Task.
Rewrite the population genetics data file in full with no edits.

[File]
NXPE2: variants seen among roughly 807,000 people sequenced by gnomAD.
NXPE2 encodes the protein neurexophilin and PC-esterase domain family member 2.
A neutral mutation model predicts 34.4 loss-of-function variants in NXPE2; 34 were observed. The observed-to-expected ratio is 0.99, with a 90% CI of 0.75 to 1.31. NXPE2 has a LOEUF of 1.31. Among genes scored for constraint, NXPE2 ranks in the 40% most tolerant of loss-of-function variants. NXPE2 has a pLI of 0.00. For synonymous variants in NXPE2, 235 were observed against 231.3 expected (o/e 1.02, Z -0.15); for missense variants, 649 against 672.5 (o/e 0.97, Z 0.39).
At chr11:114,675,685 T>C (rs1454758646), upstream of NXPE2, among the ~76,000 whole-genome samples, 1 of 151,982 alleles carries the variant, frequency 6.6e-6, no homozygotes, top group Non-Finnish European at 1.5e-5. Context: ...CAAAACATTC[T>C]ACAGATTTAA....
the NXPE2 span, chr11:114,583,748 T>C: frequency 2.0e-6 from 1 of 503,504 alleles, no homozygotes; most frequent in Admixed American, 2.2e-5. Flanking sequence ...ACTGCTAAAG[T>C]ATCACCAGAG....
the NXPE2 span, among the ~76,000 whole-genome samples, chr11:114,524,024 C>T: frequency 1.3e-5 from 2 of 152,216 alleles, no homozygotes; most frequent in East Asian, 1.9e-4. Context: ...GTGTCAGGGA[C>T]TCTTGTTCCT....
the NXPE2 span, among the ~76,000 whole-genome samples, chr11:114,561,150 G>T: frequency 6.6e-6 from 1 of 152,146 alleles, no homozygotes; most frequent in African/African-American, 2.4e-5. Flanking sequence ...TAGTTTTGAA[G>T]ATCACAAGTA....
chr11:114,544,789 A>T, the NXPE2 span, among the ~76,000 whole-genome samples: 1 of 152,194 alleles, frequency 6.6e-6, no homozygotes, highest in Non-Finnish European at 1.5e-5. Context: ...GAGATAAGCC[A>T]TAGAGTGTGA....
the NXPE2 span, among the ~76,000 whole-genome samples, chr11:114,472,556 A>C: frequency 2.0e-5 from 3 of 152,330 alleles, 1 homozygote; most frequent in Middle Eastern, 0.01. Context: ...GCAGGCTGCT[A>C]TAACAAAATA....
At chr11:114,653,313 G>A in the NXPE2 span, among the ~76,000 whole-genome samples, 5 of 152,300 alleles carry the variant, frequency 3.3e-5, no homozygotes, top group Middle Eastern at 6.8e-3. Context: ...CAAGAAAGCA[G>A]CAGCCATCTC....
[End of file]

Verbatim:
NXPE2: variants seen among roughly 807,000 people sequenced by gnomAD.
NXPE2 encodes the protein neurexophilin and PC-esterase domain family member 2.
A neutral mutation model predicts 34.4 loss-of-function variants in NXPE2; 34 were observed. The observed-to-expected ratio is 0.99, with a 90% CI of 0.75 to 1.31. NXPE2 has a LOEUF of 1.31. Among genes scored for constraint, NXPE2 ranks in the 40% most tolerant of loss-of-function variants. NXPE2 has a pLI of 0.00. For synonymous variants in NXPE2, 235 were observed against 231.3 expected (o/e 1.02, Z -0.15); for missense variants, 649 against 672.5 (o/e 0.97, Z 0.39).
At chr11:114,675,685 T>C (rs1454758646), upstream of NXPE2, among the ~76,000 whole-genome samples, 1 of 151,982 alleles carries the variant, frequency 6.6e-6, no homozygotes, top group Non-Finnish European at 1.5e-5. Context: ...CAAAACATTC[T>C]ACAGATTTAA....
the NXPE2 span, chr11:114,583,748 T>C: frequency 2.0e-6 from 1 of 503,504 alleles, no homozygotes; most frequent in Admixed American, 2.2e-5. Flanking sequence ...ACTGCTAAAG[T>C]ATCACCAGAG....
the NXPE2 span, among the ~76,000 whole-genome samples, chr11:114,524,024 C>T: frequency 1.3e-5 from 2 of 152,216 alleles, no homozygotes; most frequent in East Asian, 1.9e-4. Context: ...GTGTCAGGGA[C>T]TCTTGTTCCT....
the NXPE2 span, among the ~76,000 whole-genome samples, chr11:114,561,150 G>T: frequency 6.6e-6 from 1 of 152,146 alleles, no homozygotes; most frequent in African/African-American, 2.4e-5. Flanking sequence ...TAGTTTTGAA[G>T]ATCACAAGTA....
chr11:114,544,789 A>T, the NXPE2 span, among the ~76,000 whole-genome samples: 1 of 152,194 alleles, frequency 6.6e-6, no homozygotes, highest in Non-Finnish European at 1.5e-5. Context: ...GAGATAAGCC[A>T]TAGAGTGTGA....
the NXPE2 span, among the ~76,000 whole-genome samples, chr11:114,472,556 A>C: frequency 2.0e-5 from 3 of 152,330 alleles, 1 homozygote; most frequent in Middle Eastern, 0.01. Context: ...GCAGGCTGCT[A>C]TAACAAAATA....
At chr11:114,653,313 G>A in the NXPE2 span, among the ~76,000 whole-genome samples, 5 of 152,300 alleles carry the variant, frequency 3.3e-5, no homozygotes, top group Middle Eastern at 6.8e-3. Context: ...CAAGAAAGCA[G>A]CAGCCATCTC....